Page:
A common criticism amongst these reviews is that Ozark follows too closely to family-crime drama predecessors such as Breaking Bad and Bloodline and takes too long to get to the precipice of the storyline.

From the New York Times to the Washington Post, from Vulture and Uproxx to the Hollywood Reporter and USA Today, seemingly every major news and entertainment outlet has published a preview for the upcoming Netflix drama set at Lake of the Ozarks.

The 10-show first season, filmed in part at the Lake, but mostly in Georgia — stars Jason Bateman of Arrested Development fame, and Laura Linney, a four-time Emmy winner — will be uploaded in full on Netflix on July 21, 2017.

Centering around the world of illegal drug money laundering for a Mexican cartel, Marty Bryde (Bateman) is a financial advising partner at a Chicago firm who moves his family to the Lake of the Ozarks to begin funneling money through local businesses for the murderous criminals. Hoping to escape the pressure of the big city, Bryde hopes to keep a low profile while dealing with a cast of characters described as “criminals” and “con artists.”

“It’s as if the creators raided television’s medicine cabinet and made off with all the amphetamines meant for a year’s worth of other crime shows,” The Washington Post TV Critic Hank Steuver wrote. “The people who live around the lake are seen as backward, racist, homophobic and intelligent only in the criminal sense — all of which could very well be truthy, but not entirely fair.”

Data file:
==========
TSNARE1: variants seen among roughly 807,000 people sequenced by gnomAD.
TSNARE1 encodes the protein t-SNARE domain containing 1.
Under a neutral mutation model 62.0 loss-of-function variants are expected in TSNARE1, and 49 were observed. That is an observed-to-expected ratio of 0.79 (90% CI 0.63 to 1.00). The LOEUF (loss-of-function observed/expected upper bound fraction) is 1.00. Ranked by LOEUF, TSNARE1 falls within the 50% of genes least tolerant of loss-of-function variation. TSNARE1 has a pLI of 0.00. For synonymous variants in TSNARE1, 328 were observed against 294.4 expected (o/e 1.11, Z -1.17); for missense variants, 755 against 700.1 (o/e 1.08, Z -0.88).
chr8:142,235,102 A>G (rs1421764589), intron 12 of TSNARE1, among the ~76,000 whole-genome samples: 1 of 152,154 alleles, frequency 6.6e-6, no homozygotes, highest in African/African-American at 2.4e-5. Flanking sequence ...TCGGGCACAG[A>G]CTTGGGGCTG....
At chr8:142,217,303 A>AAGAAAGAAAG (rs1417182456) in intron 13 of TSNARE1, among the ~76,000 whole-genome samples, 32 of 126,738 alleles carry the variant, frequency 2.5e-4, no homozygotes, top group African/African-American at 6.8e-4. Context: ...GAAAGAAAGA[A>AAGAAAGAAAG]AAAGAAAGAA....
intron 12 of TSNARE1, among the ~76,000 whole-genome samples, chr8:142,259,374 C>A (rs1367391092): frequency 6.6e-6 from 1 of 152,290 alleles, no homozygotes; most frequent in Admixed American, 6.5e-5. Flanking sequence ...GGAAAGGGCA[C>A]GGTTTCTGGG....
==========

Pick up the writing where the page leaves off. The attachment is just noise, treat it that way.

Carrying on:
“There’s something very familiar about Ozark,” Kelly Lawler of USA Today wrote. “A white, middle-class anti-hero gets involved in organized crime and does terrible things for his family, who in turn do their own terrible things. There’s graphic violence and a strip club, and the whole series seems to be shot through a blue-and-gray filter.”

A common criticism amongst these reviews is that Ozark follows too closely to family-crime drama predecessors such as Breaking Bad and Bloodline and takes too long to get to the precipice of the storyline. 

“Your show needs something special to be worth the bother — particularly when too many shows are demanding too much patience from their viewers, with not enough reward — and Ozark doesn’t really deliver the goods,” Uproxx Senior TV Writer Alan Sepinwall wrote. “It would require sheer brilliance to come out feeling as fresh and untainted as all the money that Marty cleans.”

“Netflix’s new crime drama isn’t the next Breaking Bad or Bloodline. But in the era of Peak TV, it’s hard not to draw comparisons to the prestige TV that came before. Especially one that features drugs, money laundering and a toxic family,” Tampa Bay-Times Staff Writer Chelsea Tatham wrote. “Ozark isn’t anything we haven’t seen before — white dude hides criminal behavior from his family only to sink deeper and deeper into it — but that doesn’t mean it isn’t solid.”